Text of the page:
UK midlandsDecline and deprivation still afflicts some of England's once-great northern cities despite the much-vaunted urban renaissance of the past decade, a think-tank close to the Government will warn today.


Northeast England is part of the nine official regions of England, comprising of Northumberland, Durham County, Tyne and Wear, and part of North Yorkshire. The region was formed in 1994, and originally included Cleveland, although the county has since been excluded from the north east.

Rich in natural heritage, the region includes stretches of coast and wide-ranging upland tracts of European nature conservation importance for conservation habitats and bird-life, as well as the Magnesian Limestone grasslands of East Durham. This particular habitat is not found anywhere else in the world.

The 2001 census recorded the population of the north east counties at 2,515,479 residents. It has also been noted that the town of Easington, Co. Durham, has the lowest recorded ethnic population in the UK, with ethnic minorities making up only 2.2% of the general population.

One of the more foremost metropolitan cities in the north east is Newcastle upon Tyne, better known simply as Newcastle, in the county of Tyne and Wear. The city is situated on the north bank of River Tyne, and was founded by Romans and originally named Pons Aelius. Newcastle was once the county town of Northumberland, but was replaced in 1974 by Morpeth and Alnwick. Regardless, Newcastle is generally considered to be the biggest city in the North East region as it ranks as the 20th most populous city in England.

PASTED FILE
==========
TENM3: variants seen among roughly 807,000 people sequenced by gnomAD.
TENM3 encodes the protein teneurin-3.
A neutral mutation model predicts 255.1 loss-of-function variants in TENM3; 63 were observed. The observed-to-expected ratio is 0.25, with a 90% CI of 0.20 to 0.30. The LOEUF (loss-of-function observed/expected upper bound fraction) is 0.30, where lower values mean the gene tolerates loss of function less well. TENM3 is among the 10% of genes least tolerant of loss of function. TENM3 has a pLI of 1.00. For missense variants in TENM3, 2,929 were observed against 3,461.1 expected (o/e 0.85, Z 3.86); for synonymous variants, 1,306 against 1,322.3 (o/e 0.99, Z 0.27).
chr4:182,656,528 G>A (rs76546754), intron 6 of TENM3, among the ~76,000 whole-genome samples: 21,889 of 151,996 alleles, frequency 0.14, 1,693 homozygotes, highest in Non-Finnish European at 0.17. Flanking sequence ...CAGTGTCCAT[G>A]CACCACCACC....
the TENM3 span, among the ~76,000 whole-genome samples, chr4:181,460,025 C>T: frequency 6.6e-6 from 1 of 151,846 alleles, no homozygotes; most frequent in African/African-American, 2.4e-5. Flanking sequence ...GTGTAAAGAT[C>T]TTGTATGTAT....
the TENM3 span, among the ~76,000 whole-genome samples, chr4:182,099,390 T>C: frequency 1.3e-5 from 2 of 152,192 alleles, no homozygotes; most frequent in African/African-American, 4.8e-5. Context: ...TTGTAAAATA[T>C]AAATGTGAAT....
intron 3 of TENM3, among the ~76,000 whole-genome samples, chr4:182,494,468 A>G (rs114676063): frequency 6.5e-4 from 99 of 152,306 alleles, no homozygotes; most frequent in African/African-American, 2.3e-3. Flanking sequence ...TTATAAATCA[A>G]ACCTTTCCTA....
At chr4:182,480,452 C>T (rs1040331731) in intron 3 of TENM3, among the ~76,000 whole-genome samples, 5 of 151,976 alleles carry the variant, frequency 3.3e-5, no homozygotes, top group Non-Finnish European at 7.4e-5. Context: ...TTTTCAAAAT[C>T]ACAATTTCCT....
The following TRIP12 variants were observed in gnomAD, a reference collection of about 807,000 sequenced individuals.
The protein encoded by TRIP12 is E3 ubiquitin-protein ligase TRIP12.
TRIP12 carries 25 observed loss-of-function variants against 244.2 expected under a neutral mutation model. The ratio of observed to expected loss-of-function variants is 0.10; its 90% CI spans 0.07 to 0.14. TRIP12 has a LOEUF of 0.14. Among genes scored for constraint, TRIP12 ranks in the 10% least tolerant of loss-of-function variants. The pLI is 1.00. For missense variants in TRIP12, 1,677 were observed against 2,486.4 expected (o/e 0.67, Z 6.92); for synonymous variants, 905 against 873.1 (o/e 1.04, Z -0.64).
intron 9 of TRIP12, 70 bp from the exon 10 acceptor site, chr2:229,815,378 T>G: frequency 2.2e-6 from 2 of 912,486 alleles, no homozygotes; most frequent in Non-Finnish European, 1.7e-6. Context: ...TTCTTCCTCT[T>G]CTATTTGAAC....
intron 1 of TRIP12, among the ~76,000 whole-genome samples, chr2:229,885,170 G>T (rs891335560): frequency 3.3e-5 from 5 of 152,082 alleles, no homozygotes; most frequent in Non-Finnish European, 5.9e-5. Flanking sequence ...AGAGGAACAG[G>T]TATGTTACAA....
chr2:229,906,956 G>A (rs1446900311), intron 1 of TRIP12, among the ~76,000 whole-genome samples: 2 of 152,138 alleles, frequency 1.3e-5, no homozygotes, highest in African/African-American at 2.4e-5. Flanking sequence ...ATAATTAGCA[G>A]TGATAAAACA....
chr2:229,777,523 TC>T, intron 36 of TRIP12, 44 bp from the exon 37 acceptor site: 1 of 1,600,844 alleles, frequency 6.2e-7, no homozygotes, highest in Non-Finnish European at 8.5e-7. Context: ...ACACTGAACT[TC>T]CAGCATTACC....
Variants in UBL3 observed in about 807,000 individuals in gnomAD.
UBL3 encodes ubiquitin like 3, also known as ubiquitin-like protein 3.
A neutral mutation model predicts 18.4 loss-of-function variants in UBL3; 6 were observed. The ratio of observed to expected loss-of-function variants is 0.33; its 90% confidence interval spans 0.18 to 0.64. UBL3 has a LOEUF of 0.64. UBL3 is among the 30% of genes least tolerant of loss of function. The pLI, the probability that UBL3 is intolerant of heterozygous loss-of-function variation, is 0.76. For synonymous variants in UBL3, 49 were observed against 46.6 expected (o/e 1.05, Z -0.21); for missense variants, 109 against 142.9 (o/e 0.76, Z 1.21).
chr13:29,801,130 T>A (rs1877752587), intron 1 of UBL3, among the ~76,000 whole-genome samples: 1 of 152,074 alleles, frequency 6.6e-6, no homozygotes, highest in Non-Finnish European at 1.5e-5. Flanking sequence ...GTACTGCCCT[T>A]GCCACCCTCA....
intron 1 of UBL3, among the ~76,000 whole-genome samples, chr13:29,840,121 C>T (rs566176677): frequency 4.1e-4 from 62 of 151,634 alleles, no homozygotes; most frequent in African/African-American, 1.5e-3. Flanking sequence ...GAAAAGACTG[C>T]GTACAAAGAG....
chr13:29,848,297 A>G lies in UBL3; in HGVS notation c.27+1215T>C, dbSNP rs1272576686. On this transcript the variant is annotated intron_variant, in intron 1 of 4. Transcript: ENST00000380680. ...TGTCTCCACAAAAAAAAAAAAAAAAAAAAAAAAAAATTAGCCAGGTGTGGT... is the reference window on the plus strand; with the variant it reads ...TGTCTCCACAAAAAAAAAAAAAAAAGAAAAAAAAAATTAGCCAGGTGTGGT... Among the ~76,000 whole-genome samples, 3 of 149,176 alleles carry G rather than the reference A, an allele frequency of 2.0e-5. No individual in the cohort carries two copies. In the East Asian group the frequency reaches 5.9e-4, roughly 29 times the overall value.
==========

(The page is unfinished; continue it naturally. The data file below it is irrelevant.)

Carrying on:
People from Newcastle are technically considered to be “Novocastrians,” a Latin term that can also be applied to anyone who is from a place called Newcastle, but the idiom that is more commonly used in modern times is “Geordie”. The Geordie accent is easily recognisable in the north east area, and the name of the city is pronounced “New-CASS-el” in northern English regions (as compared to being pronounced as “New-CAH-sel” elsewhere).

A 2005 census estimated the city’s population to be around 276,400, comprised of 93.1% white residents and 4.4% South Asian residents. The city also houses small yet significant Chinese and Jewish populations. The thriving Chinatown district of Newcastle is on Stowell Street, northwest of Grainger Town. A newly-built landmark, the Chinese Arch (called a paifang) was given to the city in a large ceremony in 2005.   

The major religions of the city are Christian (70.6%) and Islam (3.6%), with the remainder of the population reporting no religion (16%).

Newcastle and its surrounding area have an extensive bus network coordinated by Tyne and Wear’s Passenger Transport Executive. Buses are mostly operated by Go North East, Arriva and Stagecoach North East. Launched in January 2005, the Quayside Transit system is a £5/m bus scheme that employs the use of ultra low emission hybrid diesel-electric vehicles.